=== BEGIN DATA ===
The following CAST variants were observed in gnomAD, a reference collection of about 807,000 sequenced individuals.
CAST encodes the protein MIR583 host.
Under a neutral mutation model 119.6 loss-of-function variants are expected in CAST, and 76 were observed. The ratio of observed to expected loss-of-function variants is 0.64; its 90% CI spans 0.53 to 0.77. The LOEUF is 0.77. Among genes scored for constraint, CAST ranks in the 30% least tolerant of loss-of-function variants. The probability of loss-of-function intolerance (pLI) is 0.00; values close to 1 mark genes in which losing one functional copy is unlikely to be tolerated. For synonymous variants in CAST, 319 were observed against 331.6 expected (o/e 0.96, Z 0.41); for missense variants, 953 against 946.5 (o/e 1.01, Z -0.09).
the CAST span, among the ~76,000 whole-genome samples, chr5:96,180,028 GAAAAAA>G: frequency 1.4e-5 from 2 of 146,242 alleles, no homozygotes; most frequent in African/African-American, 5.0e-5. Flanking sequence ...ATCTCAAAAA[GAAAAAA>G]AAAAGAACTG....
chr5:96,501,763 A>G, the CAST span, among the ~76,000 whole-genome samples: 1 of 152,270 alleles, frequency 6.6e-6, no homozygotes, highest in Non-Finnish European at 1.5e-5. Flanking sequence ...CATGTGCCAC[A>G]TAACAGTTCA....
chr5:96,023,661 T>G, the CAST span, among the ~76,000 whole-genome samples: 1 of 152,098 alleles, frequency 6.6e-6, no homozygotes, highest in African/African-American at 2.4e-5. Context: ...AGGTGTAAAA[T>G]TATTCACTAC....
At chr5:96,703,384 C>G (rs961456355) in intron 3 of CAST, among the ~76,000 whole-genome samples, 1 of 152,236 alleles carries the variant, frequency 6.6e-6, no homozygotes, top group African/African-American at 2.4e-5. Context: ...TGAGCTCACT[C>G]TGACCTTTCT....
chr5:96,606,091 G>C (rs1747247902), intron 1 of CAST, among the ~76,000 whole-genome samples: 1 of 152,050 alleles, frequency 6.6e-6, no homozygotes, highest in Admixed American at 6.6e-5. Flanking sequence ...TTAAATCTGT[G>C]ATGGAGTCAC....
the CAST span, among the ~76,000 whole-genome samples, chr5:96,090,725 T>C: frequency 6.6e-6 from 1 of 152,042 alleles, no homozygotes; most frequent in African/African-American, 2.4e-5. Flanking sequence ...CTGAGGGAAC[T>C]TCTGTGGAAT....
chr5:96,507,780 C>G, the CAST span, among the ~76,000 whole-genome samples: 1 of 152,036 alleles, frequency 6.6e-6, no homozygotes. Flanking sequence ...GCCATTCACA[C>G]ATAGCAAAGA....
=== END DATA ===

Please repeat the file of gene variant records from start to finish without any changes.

The following CAST variants were observed in gnomAD, a reference collection of about 807,000 sequenced individuals.
CAST encodes the protein MIR583 host.
Under a neutral mutation model 119.6 loss-of-function variants are expected in CAST, and 76 were observed. The ratio of observed to expected loss-of-function variants is 0.64; its 90% CI spans 0.53 to 0.77. The LOEUF is 0.77. Among genes scored for constraint, CAST ranks in the 30% least tolerant of loss-of-function variants. The probability of loss-of-function intolerance (pLI) is 0.00; values close to 1 mark genes in which losing one functional copy is unlikely to be tolerated. For synonymous variants in CAST, 319 were observed against 331.6 expected (o/e 0.96, Z 0.41); for missense variants, 953 against 946.5 (o/e 1.01, Z -0.09).
the CAST span, among the ~76,000 whole-genome samples, chr5:96,180,028 GAAAAAA>G: frequency 1.4e-5 from 2 of 146,242 alleles, no homozygotes; most frequent in African/African-American, 5.0e-5. Flanking sequence ...ATCTCAAAAA[GAAAAAA>G]AAAAGAACTG....
chr5:96,501,763 A>G, the CAST span, among the ~76,000 whole-genome samples: 1 of 152,270 alleles, frequency 6.6e-6, no homozygotes, highest in Non-Finnish European at 1.5e-5. Flanking sequence ...CATGTGCCAC[A>G]TAACAGTTCA....
chr5:96,023,661 T>G, the CAST span, among the ~76,000 whole-genome samples: 1 of 152,098 alleles, frequency 6.6e-6, no homozygotes, highest in African/African-American at 2.4e-5. Context: ...AGGTGTAAAA[T>G]TATTCACTAC....
At chr5:96,703,384 C>G (rs961456355) in intron 3 of CAST, among the ~76,000 whole-genome samples, 1 of 152,236 alleles carries the variant, frequency 6.6e-6, no homozygotes, top group African/African-American at 2.4e-5. Context: ...TGAGCTCACT[C>G]TGACCTTTCT....
chr5:96,606,091 G>C (rs1747247902), intron 1 of CAST, among the ~76,000 whole-genome samples: 1 of 152,050 alleles, frequency 6.6e-6, no homozygotes, highest in Admixed American at 6.6e-5. Flanking sequence ...TTAAATCTGT[G>C]ATGGAGTCAC....
the CAST span, among the ~76,000 whole-genome samples, chr5:96,090,725 T>C: frequency 6.6e-6 from 1 of 152,042 alleles, no homozygotes; most frequent in African/African-American, 2.4e-5. Flanking sequence ...CTGAGGGAAC[T>C]TCTGTGGAAT....
chr5:96,507,780 C>G, the CAST span, among the ~76,000 whole-genome samples: 1 of 152,036 alleles, frequency 6.6e-6, no homozygotes. Flanking sequence ...GCCATTCACA[C>G]ATAGCAAAGA....